Falconry in Viking-Age Europe


 


“They had hawks on their shoulders” ‘Their haufdu Hauka sina a oxlom’ (Rolf Krakes Saga)

 

The remains of hawks are found in the graves of men of importance from the Viking-Age, but after Greenland was settled by Erik the Red in 985, Greenland Gyrfalcons were sent back to Europe. They were so prized that only the highest ranking Kings could afford to own them. Lesser ranking Earls might sport a Tiercel Peregrine, Knights a Saker, Yeomen perhaps a Groshawk or Hobby, Priests had Sparrowhawks, Knaves, servants, and children were restricted to Kestrels. The Gyrfalcon became the cash cow export of the Greenlanders.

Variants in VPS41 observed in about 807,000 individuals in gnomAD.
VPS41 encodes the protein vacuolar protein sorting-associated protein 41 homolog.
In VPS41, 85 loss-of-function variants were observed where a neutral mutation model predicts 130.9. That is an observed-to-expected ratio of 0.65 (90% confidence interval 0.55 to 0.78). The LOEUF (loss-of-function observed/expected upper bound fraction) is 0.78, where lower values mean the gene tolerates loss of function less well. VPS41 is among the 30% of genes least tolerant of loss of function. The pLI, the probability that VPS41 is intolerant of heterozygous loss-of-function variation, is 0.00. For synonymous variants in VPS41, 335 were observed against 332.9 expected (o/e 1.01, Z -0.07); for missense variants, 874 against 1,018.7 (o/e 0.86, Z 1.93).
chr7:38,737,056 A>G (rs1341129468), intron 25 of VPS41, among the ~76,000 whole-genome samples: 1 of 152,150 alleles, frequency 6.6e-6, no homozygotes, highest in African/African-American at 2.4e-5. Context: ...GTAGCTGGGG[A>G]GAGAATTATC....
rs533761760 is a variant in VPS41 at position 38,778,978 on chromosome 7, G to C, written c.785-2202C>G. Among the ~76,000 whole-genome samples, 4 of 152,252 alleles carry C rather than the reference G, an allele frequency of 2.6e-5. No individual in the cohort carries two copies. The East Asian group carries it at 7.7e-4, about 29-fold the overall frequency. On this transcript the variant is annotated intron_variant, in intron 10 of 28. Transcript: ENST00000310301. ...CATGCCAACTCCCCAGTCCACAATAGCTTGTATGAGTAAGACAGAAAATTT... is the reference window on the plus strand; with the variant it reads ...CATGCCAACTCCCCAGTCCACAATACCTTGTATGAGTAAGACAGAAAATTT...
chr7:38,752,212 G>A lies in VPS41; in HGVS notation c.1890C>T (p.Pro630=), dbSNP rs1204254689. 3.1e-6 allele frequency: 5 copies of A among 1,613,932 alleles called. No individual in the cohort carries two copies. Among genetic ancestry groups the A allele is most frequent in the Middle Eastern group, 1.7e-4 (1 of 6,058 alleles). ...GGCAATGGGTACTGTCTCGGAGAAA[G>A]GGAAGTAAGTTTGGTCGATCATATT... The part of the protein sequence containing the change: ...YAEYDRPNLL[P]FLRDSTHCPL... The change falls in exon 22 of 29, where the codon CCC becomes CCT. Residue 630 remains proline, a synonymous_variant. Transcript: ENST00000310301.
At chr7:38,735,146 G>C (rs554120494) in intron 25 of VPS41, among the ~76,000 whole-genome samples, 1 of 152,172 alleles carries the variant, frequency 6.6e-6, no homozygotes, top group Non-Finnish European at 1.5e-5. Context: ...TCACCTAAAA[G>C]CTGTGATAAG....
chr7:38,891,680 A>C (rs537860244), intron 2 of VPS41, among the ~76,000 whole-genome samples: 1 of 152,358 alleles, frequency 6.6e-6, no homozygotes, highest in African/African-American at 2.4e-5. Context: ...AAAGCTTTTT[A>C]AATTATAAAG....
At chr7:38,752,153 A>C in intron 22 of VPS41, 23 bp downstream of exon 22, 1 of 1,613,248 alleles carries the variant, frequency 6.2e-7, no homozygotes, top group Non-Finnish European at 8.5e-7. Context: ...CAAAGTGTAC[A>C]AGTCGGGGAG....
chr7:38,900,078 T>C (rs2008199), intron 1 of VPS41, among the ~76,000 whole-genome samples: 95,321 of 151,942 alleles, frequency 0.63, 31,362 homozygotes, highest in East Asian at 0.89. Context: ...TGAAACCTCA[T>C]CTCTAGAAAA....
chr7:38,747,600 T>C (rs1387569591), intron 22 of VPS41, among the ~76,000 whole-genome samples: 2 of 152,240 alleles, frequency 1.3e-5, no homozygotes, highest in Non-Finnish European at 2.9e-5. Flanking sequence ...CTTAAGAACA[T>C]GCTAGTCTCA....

Recently a 2,500-year-old nest was discovered on a cliff in Greenland. The nesting site is still continually used and it’s the oldest raptor nest ever recorded. Three other nests over 1000 years old have also been found. One contained feathers from a bird that lived more than 600 years ago. It wasn’t easy for the Greenland Norse to capture these birds. Take a look at the cliffs.

 

And, take a look at the chicks! I’m happy there are laws about exporting captured birds today.

 

You can get BUFFALOed at:
http://www.amazon.com/Buffaloed-Fairlee-Winfield/dp/1439200998

 

Published in: on April 1, 2010 at 8:03 pm  Leave a Comment  
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